- Who is the administrator of your digital records system?
- Which files are restricted? How are they segregated from other files?
- Who has permissions to access restricted files?
- Is access to your system locked to certain workstations, offices, IP addresses?
- How are logins and passwords generated and protected?
- Are there backup copies of your data in case of disaster?
Digitization can add a level of security to your data management if you execute it properly, but it is not in and of itself more secure. It’s up to you to make it happen!
Digitization Isn’t A Magic Bullet, But It Gives You Some Arrows In Your Quiver
Digitization isn’t all just doom and gloom, so now it’s time to lay out the benefits of digitizing your records. Below are six benefits you can get from converting your documents from hard copy and moving into the electronic space.
Benefit #1 – Digitization can make record retrieval more effective
If you do it right, digitization can make retrieving your records more effective. The key word is “if,” because as we mentioned in Myths #2 and #3, you can actually make things worse when digitization and indexing is done incorrectly.
When done in a practical way, digitizing can increase the organizational effectiveness of your archive and also provide you with a more efficient retrieval method than if the records were still physical copies. The critical point to remember is that digitizing, in and of itself, doesn’t make record retrieval more effective; it’s how you digitize and organize your documents that will bring you success.
Benefit #2 – Digitization reduces physical storage space
Once you scan and convert your documents into an electronic format, it’s likely that you can dispose of the physical copies. This may not be the right move for you depending on what your overall digitization and document management plan is, but it’s a common step in the conversion process for most of our clients.
When you have digital copies of your records, you can potentially free up a lot of space in your office or even remove the necessity to have a “parking spot” at an off-site storage facility. In the first case, the newly-available space can be used for other purposes that drive your organization forward, or in the second case allow you to remove the cost of storing records off-site.
Benefit #3 – Digitization can provide critical backup copies
When you digitize your records, you’re getting an electronic copy of the files. What’s great about digitization is that it’s so easy to make copies of the files, because you don’t have to hassle with physical copies.
Imagine you have 200 boxes of files that you need to keep for a long time. Having one copy of the files is a headache, because 200 boxes takes up a lot of room and contains roughly 500,000 pages. If you’re concerned about your copies being destroyed, lost, etc. and want a backup, making 500,000 copies of the physical versions seems crazy. But once you have digital copies of the records, making a backup is just a few clicks away! You can make as many backups as you want and you can feel better that if one copy is lost in some way, you still have the records.
One solution that many organizations have turned to is backup disaster recovery hosting through a third party – basically, you have a digital copy of your files and you also have a partner that keeps another copy safe in their secure hosting environment. This can be critical in case of a catastrophic event within your organization that wipes out all traces of your records; good thing you had a backup plan!
Benefit #4 – Digitization allows remote access
Remote work has been evolving for years and has become more common in all sizes of organizations in every industry. If you have physical copies of documents that your employees and colleagues need to access to do their work, but they’re not actually in the office to get them, what do you do? Make photocopies and scans then email the files? And what if the hard copy is 100 pages long, or in multiple folders, or a hard-bound oversize book? It’s doable, but time-consuming and not very productive.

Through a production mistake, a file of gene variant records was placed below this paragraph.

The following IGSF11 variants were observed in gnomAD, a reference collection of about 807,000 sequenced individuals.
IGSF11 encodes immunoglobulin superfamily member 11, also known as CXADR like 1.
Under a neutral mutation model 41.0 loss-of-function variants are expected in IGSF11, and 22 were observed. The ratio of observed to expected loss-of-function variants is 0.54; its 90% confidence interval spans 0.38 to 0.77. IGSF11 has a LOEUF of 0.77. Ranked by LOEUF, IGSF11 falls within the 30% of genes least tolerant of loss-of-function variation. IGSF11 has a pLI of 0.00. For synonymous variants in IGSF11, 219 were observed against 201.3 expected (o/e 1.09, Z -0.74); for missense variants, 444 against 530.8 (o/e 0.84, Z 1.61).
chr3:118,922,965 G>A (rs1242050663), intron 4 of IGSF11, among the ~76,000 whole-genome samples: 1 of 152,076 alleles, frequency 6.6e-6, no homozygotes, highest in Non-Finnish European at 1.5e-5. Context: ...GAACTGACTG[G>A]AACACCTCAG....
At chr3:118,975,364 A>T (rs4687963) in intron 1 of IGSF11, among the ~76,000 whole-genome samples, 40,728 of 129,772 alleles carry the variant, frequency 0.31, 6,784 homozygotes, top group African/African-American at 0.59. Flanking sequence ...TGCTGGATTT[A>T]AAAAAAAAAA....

Instead, what if your files were already in digital format? You could quickly locate and send the needed docs to your colleague, or you could have the records accessible on a collaborative hosted application. The upside of digitization for remote work is tremendous, and can be a game-changer for your remote teams.
Benefit #5 – Digitization saves time and costs over the long run
When you scan and convert your hard copy records, you create the potential to save both time and cost for you and your organization. There are many ways this can play out depending on which particular pain points you’re experiencing with your document management and which ones get resolved through digitization.
One common cost-saver is physical storage space reduction. Not all instances of digitization will save you money compared to storing your records, but in many instances it will. Depending on the size of your physical record archive, how often you access the records, and the cost of storage, digitizing will be the cost-effective choice going forward compared to storage.
Benefit #6 – Digitization eliminates hardware needs
This benefit is a bit more niche than the others because we’re focusing on microfilm, microfiche, and aperture cards with this one. If you have any of these types of microforms, you’re likely burdened with a reader-printer or two. These can be useful in certain situations and for certain folks that have a specific use case. On the aggregate, digitization provides the biggest bang for your buck.
When you digitize, you don’t have to continue to use the hardware! This alleviates the hassle of breakdowns, maintenance, and just using a physical machine. Also, the time consumed by using hardware (finding your microfiche, putting it on the machine, searching for a record, printing/scanning, then re-filing the fiche) is eliminated. Instead, you just search for the file you need from your workstation and it pops up within seconds. More details can be found in our “replace your microfiche reader” article.
Reach out to us today! Click the “Get Your Quote” button below, fill out the form, and we’ll quickly reply to you to discuss your project.
Take a look at a few of our other articles that describe various parts of your digitization journey:
“The BMI Milestone 1 Proof Of Concept Process” is our method of creating your digital conversion project so that we make sure you’re happy when the project’s complete. Our three-phased approach (build, test, refine) is a critical step in making sure your project is crafted properly and starts off in the right direction.
“Choosing A Partner For Your Secure Scanning Project” describes some things you should look for when you’re going to digitize your records. We talk a lot about security, and choosing the right scanning partner is a major part of keeping your records safe.
“The Price Of Digitization” illustrates how costs fit into a digital conversion project. A key consideration is the difference between upfront costs and total costs. If you don’t know the difference, you could end up paying heavily in the future.